“papiyahtak pimôtîhok. papiyahtak pimôtîhok,” nitôsis tîpwîw ispî î-wâstînamowâyahk apoya ohci.

nitâsowahînân mistahi-sâkahikan î-pimiskâyâhk.

aski-pahkwîsikanak maskimotihk î-asowasocik, sôkâw, ikwa tî, acimosisak, ikwa nohkom mîna – kahkithaw kîwîtinohk î-isicimîyâhk misi-cîmânihk î-pôsiyâhk

“tânitahtwâw kiyâpic ta-nipâyahk?’ nikakwîcihkîmon.

“niyânan tipiskâw,” itwîw nikâwiy, î-pah-pimiskât.

“kîkâc cî kitakosininânaw?” nisîmis kakwîcihkîmow.

“kîkâc,” itwîw nohkom î-nayahcikîyâhk kaskîw onikahkpihk.

ispî kâ-misakâyâhk namôtha nikî-ispathihikonân kita-mîtawîyâhk. poko kita-nikohtîyâhk, wîsakîmina kita-mawisoyâhk, wâposwak kita-tâpakwîyâhk, ikwa apahkwân kita-mîsahamâhk.

“atoskîk awâsisak! wîpac wî-pipon,” nikâwiy tîpwîw iskwâhtîmihk ohci.

ispî kâ-ati-ahkwatihk sâkahikana nitâsowakâmânân wâsâw ikwa ninitawi manâhonân maskosiya kita-osîhtamowâyâhkwâw nipîwina atimwak.

“ikwa!” nistîsak itwîwak î-pimitâpîcik ocâpânâskosa.

ispî misîwî askiy kâ-wâpiskâk kôna ohci ikwa pisiskiwak î-kispakayânîcik ikospî nohtâwiy kâ-mâci-wanîhikît.

“apik!” itîw atimwa ispî kâ-îskît ta-wanihikîstawât amiskwa.

ispî kâ-pî-makosîkîsikâk niwâh-wîwîkinînân mîkiwina nitôsis ohci ôtînâhk. nanâtohk mamâhtâwi-kaskikwâsiwina pahkwîsikanimaskimotihk î-kaskikwâtîki aspascikanîkana î-osîhtâniwiki ikwa mîna aspastâkana.

nohtâwiy pôsîhtâw otahtaya ta-atâwâkît atâwîwikamikohk, ta-atâwît aski-pahkwîsikana, kîkisîpâmîciwin, ikwa sôkâw.

“cîskwa!” itwîw nikâwiy. “kâwitha wanikiskisi tî!”

kî-wâhwâhtîw ispî kâ-pî-kîwît nohtâwiy ôtînâhk ohci.

“mitho-makosîkîsikanisik!”

nimis mîthâw kaskikwâtiyiwat, nisîmis sâkihîw ocawâsimisihkâna. ikwa nîtha? kîmôci anima mâka sînipânîkin ohci osîhtâniwin ikwa nikakwâtaki-mithwîthihtîn. nohtâwiy kisâtinam kâ-mâwaci-mithwâsinithik kîkway iskwîyânihk ohci – osâwi-mînisa! î-âhkwatihki ikwa mîna kitohcikani-miscikowacis kâ-nîmihotoyâhk ohci.

kapî-pipon nohtâwiy nâh-nâci-wanihikanîw, nikâwiy mâtahikîw, ikwa nîthanân awâsisak?

nîthanân ikwa niwanihikîskanâmowinân.

“kanawâpam wâpos!” nohkom ikwa kita-wâposo-pahkwîsikanâpohkîw.

cîkakâm nikî-mîtawânân ispî mikisiw kâwi kâ-pî-pimihâwot wâsakâm sîpîhk, î-pakosîthimot ta-maskamât nikikwa okinosîmithiwa.

“piyâhtak ita kâ-mîtawîyîk!” nikâwiy kitahamâwasow. “wîpac kita-mithoskamin.”

ispî kâ-tawâki sâkahikana ikospî kî-ihkin kâwi kita-pimahocikît nohtâwiy. ikwa mîna nipôsihtâsonân cîmânihk.

“kîhtwâm mîna nika-wâpahtîn niwâskahikanis takwâkiki.”

“tânisi nicawâsimisak! tâpwî kikî-misi-ohpikinâwâw!” itwîw nitôsis ispî kâ-misakâyâhk.

“pî-minihkwîk tî! mwîstas mânokîhkîk.”

akâmihk nîpin kapîsiwinihk ohci atimoministik pîhîw atimwa kâwi ta-pî-itôhtîthit.

“mitho-tipiskisik nicîmisisak. wâpahki kika-pî-asamitinâwâw kinosîwak.

athwîpik ikwa, ispî pihtawâyîkwâwi niskak î-mâmawinitocik ta-pimihâwocik sâwanohk isi ikospî kîhtwâm kîwîtinohk kika-itôtîhonaw.   

Posted in Audio (th-dialect), Books for Kids, Solomon Ratt, Uncategorized | Leave a comment

Worried Buffalo: Solomon Ratt (y-dialect, audio)

When we think of all the things the Buffalo provided to Plains Cree people, the first thing we usually think of is mîcim: food, especially in the form of paskwâwi-mostosowiyâs: buffalo meat. With this “Worried Buffalo” sketch, Solomon Ratt gathers some of the many, many other ways the parts of the buffalo were used, ensuring that absolutely nothing went to waste. (No wonder the buffalo looks worried!) Scroll past the image to find audio files for each of the buffalo parts. Continue reading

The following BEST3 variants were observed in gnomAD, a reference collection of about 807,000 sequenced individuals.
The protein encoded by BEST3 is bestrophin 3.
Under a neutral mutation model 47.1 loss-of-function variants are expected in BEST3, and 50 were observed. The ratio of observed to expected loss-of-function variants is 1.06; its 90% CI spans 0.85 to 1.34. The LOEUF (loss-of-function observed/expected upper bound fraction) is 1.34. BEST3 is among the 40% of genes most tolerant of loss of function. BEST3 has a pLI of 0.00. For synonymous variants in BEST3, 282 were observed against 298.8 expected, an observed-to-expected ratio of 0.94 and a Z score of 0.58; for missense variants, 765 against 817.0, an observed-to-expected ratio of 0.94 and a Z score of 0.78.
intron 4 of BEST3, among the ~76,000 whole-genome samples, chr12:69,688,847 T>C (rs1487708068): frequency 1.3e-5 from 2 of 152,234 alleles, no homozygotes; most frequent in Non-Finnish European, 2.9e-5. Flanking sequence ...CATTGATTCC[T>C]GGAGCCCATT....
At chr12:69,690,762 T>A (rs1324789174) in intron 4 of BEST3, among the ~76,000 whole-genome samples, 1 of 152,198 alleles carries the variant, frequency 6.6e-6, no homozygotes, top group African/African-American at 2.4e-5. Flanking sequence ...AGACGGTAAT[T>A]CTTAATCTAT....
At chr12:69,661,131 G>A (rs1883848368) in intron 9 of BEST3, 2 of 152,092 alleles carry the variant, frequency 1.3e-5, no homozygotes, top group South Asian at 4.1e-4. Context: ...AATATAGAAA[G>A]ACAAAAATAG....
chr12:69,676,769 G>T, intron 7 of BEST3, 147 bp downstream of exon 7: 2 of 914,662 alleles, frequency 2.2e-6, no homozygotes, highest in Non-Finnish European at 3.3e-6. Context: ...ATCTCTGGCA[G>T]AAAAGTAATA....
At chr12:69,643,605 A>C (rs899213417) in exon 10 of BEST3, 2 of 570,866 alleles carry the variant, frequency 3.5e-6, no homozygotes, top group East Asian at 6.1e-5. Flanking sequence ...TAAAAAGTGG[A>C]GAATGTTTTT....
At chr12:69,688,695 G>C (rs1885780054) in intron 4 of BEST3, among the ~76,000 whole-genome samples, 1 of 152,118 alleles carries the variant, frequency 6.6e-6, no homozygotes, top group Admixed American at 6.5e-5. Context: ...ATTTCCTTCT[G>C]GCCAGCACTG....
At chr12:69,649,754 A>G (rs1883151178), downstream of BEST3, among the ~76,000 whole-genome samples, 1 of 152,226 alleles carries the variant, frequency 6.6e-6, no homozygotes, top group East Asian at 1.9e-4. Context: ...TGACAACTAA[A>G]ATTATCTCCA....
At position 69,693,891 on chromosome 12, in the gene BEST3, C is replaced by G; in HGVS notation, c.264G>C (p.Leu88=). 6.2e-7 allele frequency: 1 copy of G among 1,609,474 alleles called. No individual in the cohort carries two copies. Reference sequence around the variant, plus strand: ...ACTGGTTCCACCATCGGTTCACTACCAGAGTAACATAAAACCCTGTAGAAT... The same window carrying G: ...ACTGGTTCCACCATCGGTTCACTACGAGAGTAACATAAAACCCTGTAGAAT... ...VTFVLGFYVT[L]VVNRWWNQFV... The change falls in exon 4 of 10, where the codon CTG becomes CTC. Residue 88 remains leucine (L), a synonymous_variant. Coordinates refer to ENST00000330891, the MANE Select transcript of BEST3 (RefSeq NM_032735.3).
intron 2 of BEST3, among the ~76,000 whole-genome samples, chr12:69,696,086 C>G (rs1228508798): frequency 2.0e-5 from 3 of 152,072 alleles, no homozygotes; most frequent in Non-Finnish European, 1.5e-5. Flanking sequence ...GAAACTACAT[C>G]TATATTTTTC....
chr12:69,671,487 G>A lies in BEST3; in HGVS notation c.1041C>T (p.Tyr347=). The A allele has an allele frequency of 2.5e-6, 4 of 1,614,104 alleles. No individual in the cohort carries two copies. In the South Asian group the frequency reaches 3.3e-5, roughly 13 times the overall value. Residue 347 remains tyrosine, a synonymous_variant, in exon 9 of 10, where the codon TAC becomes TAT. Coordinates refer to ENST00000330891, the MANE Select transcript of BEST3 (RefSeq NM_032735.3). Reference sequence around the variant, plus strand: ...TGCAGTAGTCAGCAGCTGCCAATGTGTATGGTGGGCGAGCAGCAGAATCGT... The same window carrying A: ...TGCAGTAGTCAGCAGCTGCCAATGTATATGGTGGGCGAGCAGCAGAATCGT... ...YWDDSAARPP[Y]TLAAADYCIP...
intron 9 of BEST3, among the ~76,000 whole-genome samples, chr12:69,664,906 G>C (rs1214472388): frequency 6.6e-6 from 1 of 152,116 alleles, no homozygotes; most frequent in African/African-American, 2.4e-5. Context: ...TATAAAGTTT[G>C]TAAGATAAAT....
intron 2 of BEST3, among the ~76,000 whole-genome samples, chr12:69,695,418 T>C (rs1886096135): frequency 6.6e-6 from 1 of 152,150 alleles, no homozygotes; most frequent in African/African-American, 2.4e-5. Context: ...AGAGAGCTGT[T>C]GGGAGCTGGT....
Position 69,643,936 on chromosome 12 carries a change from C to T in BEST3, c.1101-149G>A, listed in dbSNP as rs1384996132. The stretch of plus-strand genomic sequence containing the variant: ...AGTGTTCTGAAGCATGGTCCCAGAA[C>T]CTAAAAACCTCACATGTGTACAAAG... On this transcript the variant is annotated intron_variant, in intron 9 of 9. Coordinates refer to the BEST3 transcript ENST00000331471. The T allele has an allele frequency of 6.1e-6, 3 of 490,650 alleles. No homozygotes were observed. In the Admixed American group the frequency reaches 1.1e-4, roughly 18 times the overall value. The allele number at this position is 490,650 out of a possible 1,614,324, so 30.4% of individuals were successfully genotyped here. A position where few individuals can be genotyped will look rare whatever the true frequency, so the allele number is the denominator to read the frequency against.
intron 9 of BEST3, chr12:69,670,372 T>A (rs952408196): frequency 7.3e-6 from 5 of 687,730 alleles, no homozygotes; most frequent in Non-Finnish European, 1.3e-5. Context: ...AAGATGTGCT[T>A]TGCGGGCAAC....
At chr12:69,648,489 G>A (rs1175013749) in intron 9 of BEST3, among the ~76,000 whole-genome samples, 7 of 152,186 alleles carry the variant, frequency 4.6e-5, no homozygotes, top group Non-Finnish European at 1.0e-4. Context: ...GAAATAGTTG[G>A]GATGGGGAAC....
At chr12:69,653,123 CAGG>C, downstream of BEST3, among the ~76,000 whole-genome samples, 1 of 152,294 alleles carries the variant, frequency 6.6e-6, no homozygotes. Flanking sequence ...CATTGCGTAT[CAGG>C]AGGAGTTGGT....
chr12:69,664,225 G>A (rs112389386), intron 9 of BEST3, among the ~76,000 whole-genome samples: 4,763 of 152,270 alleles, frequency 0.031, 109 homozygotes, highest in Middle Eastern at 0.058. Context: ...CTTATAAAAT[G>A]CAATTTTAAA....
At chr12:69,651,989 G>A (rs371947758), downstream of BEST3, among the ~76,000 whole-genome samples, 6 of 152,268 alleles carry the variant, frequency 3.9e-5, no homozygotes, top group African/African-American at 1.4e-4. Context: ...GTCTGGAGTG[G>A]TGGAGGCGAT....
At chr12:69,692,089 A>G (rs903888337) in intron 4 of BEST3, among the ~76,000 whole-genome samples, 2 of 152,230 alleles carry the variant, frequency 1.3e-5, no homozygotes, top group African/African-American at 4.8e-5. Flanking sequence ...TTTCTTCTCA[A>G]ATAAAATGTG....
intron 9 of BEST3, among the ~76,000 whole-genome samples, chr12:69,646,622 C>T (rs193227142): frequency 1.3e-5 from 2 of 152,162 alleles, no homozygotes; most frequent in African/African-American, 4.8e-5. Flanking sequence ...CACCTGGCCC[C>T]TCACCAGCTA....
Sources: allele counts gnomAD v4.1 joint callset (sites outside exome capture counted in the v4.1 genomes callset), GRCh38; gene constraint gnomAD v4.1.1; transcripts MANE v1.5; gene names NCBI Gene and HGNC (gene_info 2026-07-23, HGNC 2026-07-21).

Posted in Uncategorized | Leave a comment

Congratulations Graduates, 2019

2019 graduates come in all shapes and sizes: we’re proud of every single one!

kahkiyaw kâ-sâposkamêk kikiskinwahamâkosiwiniwâwa kimamihcihinân! kikistêyimâwâwak kiwâhkômâkiniwâwak.

ᑲᐦᑭᔭᐤ ᑲᓴᐳᐢᑲᒣᐠ ᑭᑭᐢᑭᓇᐧᐦᐊᒪᑯᓯᐃᐧᓂᐊᐧᐊᐧ ᑭᒪᒥᐦᒋᐦᐃᓇᐣ! ᑐ ᐊ ᐅ ᔪᐊ ᑲᑕᐊᑎᐣᐠ ᐅᒼ ᐢᒍᐅ ᔪᐊ ᒪᑫ ᐊᐢ ᐳᐊᐟ! ᑭᑭᐢᑌᔨᒫᐚᐘᐠ ᑭᐚᐦᑰᒫᑭᓂᐚᐘᐠ᙮

To all of you graduating from school you make us proud! You honour your relatives.

Posted in Uncategorized | Leave a comment

From the 75th Anniversary of the D-Day Invasion (y-dialect, audio

Harry Raine, a Maskwacis Cree elder of the Louis Bull Tribe, brought the Cree language to Juno beach in Normandy to commemorate the 75th Anniversary of D-day 6 June 2019, and the Battle of Normandy. In honour of the fallen, he read “Binyon’s Verse” – translated into Plains Cree. Transcript and video follow, for those who’d like to read along. (Video used with thanks to his daughter, Alaine Raine, for her permission.)

ê-kîsi-ôhpikihcik kiyânaw ê-kêhtê-ayiwiyahk
ê-ispîhcisîhcik namôya ka-kêyihtamahcihowak
tânitahto askiy pahkisimohk otâkosiki êkwa kîkisêpâyâki
kâkikê kika-kiskisitotawânawak

ᐁ ᑮᓯ ᐆᐦᐱᑭᐦᒋᐠ ᑭᔮᓇᐤ ᐁ ᑫᐦᑌ ᐊᔨᐏᔭᕽ
ᐁ ᐃᐢᐲᐦᒋᓰᐦᒋᐠ ᓇᒨᔭ ᑲ ᑮ ᑭᐢᑫᔨᐦᑕᒪᐦᒋᐦᐅᐘᐠ
ᑖᓂᑕᐦᑐ ᐊᐢᑭᕀ ᐸᐦᑭᓯᒧᕽ ᐅᑖᑯᓯᑭ ᐁᑿ ᑮᑭᓭᐹᔮᑭ
ᑳᑭᑫ ᑭᑲ ᑭᐢᑭᓯᑐᑕᐚᓇᐘᐠ

They shall grow not old, as we that are left grow old:
Age shall not weary them, nor the years condemn.
At the going down of the sun and in the morning
We will remember them.

Posted in Audio (y-dialect), Poetry, Remembrance Day | Leave a comment

A Simple Lullaby: Belinda Vandenbroeck (n- and y-dialects, audio)

A genuine Cree lullaby from a genuine kôhkom, sung very gently to the tune of “Skip to my Lou.” Thank you to Belinda Vandenbroeck – a Winnipeg maskêkôskwêw! This one is perfect for real babies, or for little ones loving their baby dolls.

nipâ êkwa nipêpîm
nipâ êkwa nipêpîm
nipâ êkwa nipêpîm
mistahi kisâkihitin

ᓂᐹ ᐁᑿ ᓂᐯᐲᒼ
ᓂᐹ ᐁᑿ ᓂᐯᐲᒼ
ᓂᐹ ᐁᑿ ᓂᐯᐲᒼ
ᒥᐢᑕᐦᐃ ᑭᓵᑭᐦᐃᑎᐣ

Sleep now, my baby (three times)
I love you a lot!

 

Posted in Uncategorized | Leave a comment

All about Indigenous Intellectual Property – In Plains Cree (y-dialect)

Thanks to Samara Harp for pointing me to this Government of Canada website that introduces the broad ideas of Indigenous Intellectual Property, and makes an interesting read in itself: https://www.ic.gc.ca/eic/site/108.nsf/eng/00004.html

The site includes links to a document (in English) titled “Introduction to Intellectual Property Rights and the Protection of Indigenous Knowledge and Cultural Expressions in Canada”

Remarkably, it also presents the same document in translation into several Indigenous languages. The Plains Cree in particular is beautifully translated, by someone who is clearly both a master speaker, and a master writer of SRO. In Cree, the document is titled ê-pîkiskwâtamihk omâmitonêyihcikêwasinahikan kâtipêyihtamihk êkwa ta-kanawêyihtahkik nistam-iyiniw kiskêyihtamowin êkwa opimâcihowi-wâpahtamowina ôta kâ-kanâtahk.

I’m not sure who is responsible for the Plains Cree translation, but it follows SRO spelling with great care (so every word can be looked up in the dictionary), and sets an exemplary standard for government translation projects. To whoever did this awesome work: hay-hay! We’re awfully proud of you!

(I thought about replicating the Cree document here in whole – then recognized the irony of stealing a document about intellectual property rights! I’ll add it here if and when I receive permission, so the document can be used with our click-in-text lookup tool!)

Posted in Uncategorized | Leave a comment